For anyone with an iota of intellectual integrity and reasonably informed of world affairs, the answer to whether Islam and violence and terrorism are causally connected should be unequivocally clear. To ask whether Islam is associated with terrorism is a little like asking if rainfall is associated with flooding. Of course it is – as can be irrefutably deduced from Abu Shehadeh’s attempt to exonerate it.
After all, if one in six people in the world is a Muslim, it would mean that five out of six are not. Right? So if there were no inordinate affinity of Islam for violence/ terrorism, Muslim acts of terrorism should be one-fifth of those of non-Muslim terrorism – i.e. if Islam had no greater propensity for terrorism, one would have to expect non-Muslim acts of terrorism to be five times (!) those perpetrated by Muslims.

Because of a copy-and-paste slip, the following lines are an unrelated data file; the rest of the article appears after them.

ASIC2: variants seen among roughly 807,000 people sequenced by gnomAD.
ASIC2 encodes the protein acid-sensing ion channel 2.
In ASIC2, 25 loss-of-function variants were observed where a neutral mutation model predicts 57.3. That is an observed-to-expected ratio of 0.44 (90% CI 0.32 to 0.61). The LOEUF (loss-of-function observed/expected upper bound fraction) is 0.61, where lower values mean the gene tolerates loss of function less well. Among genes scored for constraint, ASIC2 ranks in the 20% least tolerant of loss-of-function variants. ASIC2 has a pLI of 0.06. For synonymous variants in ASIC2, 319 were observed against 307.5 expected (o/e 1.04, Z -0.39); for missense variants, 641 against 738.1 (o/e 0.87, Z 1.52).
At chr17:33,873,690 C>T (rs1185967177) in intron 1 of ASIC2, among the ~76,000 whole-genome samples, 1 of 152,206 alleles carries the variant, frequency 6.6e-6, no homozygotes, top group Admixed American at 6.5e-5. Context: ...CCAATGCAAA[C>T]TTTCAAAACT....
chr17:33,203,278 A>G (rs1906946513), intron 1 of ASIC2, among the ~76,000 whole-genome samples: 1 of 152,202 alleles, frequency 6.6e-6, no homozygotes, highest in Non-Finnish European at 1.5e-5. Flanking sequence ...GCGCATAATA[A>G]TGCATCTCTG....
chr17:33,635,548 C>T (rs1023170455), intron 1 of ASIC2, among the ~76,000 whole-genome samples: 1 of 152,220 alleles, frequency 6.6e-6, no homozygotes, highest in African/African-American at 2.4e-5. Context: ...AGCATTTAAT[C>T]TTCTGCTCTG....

This is clearly not the case, and terrorist attacks committed by adherents of Islam far outweigh those carried out by non-Muslims.
It would therefore seem that – in stark violation of the protocols of political correctness – there is little choice but to conclude what many in the West sense instinctively: There is a disproportionate causal connection between Islam on the one hand, and acts of ideo-politically motivated violence against civilian populations, i.e. terrorism on the other.